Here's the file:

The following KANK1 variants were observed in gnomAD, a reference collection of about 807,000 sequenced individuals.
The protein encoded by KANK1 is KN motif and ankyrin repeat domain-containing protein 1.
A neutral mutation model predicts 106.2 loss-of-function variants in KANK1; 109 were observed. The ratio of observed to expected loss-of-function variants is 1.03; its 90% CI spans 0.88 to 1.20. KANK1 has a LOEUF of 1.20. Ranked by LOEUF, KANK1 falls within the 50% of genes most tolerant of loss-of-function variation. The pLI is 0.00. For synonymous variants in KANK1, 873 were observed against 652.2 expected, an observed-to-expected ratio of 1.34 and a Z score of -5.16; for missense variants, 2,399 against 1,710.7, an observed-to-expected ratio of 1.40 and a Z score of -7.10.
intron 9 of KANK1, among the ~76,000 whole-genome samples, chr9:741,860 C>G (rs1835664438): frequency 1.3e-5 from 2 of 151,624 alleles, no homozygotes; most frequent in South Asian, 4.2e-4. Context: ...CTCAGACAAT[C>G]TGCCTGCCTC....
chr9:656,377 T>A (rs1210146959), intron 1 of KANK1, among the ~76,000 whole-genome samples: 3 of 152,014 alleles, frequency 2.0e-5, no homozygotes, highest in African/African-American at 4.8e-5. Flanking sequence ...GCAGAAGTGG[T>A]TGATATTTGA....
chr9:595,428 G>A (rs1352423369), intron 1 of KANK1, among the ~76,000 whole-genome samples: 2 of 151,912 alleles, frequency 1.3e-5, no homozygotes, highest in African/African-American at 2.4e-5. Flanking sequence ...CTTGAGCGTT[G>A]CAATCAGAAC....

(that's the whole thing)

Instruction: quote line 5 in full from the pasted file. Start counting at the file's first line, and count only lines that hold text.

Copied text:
chr9:656,377 T>A (rs1210146959), intron 1 of KANK1, among the ~76,000 whole-genome samples: 3 of 152,014 alleles, frequency 2.0e-5, no homozygotes, highest in African/African-American at 4.8e-5. Flanking sequence ...GCAGAAGTGG[T>A]TGATATTTGA....